Free stuff = mindshare

Until quite recently I had used DynDNS.org’s free dynamic DNS facility for years to keep track of my home IP address. It was great. Any time I was away I could always connect to services at home without having to do any gymnastics to figure out what IP my ISP had granted me today.

Then things changed… at first they required you to “keep alive” your dynamic hostname by clicking on an email link once a month – a bit of a pain, but I put up with it since I had benefited from their free service for so long, and it worked so well.

And then they stopped the free service. Which is of course their prerogative – why should they keep providing a free service to millions of geeks out there when they have costs to keep down and “real” customers to take care of.

Bad decision.

DynDNS.org had in one fell swoop thrown away one of their greatest assets – mindshare. A vast amount of it. No doubt their penny-pinchers were pointing to the 99% (wild guess) of their subscribers who weren’t paying and saying “they’re just costing us money!” But 90% of those 99% were probably geeks like me, probably worked in technical positions, and when asked who to recommend for such a service would probably have answered “DynDNS” without even thinking about it. Suddenly we are all looking around for someone else… and of course noip.com or one of the many alternatives that have since appeared are more than happy to oblige. They have caused a self-inflicted diaspora.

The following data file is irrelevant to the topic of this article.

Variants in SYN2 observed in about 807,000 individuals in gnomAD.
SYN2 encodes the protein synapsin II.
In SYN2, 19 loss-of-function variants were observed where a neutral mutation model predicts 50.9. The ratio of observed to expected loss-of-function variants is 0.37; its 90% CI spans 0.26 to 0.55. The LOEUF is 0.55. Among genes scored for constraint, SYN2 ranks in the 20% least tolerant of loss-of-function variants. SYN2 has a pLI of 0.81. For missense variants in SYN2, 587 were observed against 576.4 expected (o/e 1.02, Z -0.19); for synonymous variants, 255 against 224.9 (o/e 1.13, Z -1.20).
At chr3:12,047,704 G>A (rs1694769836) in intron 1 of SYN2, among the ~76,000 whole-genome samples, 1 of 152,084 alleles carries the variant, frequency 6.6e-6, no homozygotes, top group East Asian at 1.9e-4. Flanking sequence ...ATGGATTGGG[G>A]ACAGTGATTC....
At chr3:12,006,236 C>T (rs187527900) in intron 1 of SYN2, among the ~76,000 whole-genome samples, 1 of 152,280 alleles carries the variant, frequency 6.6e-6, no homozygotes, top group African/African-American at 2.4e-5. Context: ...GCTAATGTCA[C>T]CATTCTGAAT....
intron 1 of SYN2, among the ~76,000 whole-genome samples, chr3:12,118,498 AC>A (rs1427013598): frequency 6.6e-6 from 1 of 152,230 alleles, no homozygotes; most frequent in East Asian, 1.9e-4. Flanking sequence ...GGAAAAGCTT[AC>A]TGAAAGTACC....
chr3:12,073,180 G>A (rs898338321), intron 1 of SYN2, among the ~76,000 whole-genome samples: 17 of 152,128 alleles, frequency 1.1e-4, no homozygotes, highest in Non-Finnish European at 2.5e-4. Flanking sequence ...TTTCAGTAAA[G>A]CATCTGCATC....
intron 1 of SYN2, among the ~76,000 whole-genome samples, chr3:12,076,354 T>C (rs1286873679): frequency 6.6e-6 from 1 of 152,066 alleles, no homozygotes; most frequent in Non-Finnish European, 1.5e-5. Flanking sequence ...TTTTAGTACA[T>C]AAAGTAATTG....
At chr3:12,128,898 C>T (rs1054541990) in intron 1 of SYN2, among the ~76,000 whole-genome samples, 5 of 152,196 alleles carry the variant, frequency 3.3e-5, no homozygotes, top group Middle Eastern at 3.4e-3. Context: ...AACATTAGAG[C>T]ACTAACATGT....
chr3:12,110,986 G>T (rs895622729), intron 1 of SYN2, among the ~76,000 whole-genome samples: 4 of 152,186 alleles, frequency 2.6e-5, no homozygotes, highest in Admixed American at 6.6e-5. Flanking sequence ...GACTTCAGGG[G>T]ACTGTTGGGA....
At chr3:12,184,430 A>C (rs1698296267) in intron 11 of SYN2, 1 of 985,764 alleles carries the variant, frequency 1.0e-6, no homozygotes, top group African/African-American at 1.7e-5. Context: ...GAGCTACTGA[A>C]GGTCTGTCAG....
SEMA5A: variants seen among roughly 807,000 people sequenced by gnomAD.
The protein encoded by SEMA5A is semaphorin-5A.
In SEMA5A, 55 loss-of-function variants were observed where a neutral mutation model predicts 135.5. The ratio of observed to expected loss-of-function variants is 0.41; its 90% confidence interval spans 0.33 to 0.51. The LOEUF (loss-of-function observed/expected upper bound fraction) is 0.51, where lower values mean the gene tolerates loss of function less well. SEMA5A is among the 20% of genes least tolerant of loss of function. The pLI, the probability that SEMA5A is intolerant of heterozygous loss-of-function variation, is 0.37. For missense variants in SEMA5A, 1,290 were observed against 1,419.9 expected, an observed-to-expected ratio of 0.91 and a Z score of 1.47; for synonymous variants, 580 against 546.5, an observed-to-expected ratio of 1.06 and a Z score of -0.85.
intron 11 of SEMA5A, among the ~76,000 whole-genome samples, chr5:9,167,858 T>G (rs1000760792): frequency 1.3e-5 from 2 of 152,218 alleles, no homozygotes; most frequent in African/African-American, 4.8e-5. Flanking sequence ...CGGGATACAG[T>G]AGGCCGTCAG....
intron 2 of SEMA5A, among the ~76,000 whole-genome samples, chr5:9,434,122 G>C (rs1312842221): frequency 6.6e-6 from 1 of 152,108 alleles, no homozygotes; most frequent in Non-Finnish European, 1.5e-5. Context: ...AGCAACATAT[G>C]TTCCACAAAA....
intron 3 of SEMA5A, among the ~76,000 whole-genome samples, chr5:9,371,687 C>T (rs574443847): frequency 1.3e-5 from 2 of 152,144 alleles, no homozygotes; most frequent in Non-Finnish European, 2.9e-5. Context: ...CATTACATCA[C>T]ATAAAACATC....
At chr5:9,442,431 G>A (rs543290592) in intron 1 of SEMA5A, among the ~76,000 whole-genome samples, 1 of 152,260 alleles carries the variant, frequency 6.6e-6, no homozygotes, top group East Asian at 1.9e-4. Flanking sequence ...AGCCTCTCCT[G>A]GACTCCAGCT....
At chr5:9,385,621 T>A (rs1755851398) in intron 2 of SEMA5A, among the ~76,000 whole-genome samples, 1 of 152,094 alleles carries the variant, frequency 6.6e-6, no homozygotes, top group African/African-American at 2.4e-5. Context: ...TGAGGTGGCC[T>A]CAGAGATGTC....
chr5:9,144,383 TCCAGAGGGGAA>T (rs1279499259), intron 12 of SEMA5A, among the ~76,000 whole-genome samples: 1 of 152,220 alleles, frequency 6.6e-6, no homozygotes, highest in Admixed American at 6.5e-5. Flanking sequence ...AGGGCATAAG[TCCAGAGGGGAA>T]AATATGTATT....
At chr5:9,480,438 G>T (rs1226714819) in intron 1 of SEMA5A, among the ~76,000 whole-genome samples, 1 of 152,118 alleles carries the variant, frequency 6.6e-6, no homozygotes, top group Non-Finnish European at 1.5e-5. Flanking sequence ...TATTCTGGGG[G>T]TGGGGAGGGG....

Another example is AVG. I have been using the no-nonsense free edition of their anti-virus software for years. I imagine a similarly vast proportion of their userbase are freeloaders like me. But, once again, those years of stable service mean that I don’t hesitate to recommend them to someone else, and if I were asked by a small business what anti-virus tool they should invest in, of course I would also suggest they consider AVG.

Oh, actually, I just remembered… I did. 🙂 For a real estate agency that invested in multiple licences for the full version of their product.

In short… free stuff may look like it’s costing you, but it may be the best advertising investment you ever make.

ETA: This was actually a post I drafted quite some time ago, when DynDNS.org had actually “recently” changed their policy. For some reason I never posted it… but the opinion is still valid, so here it is.


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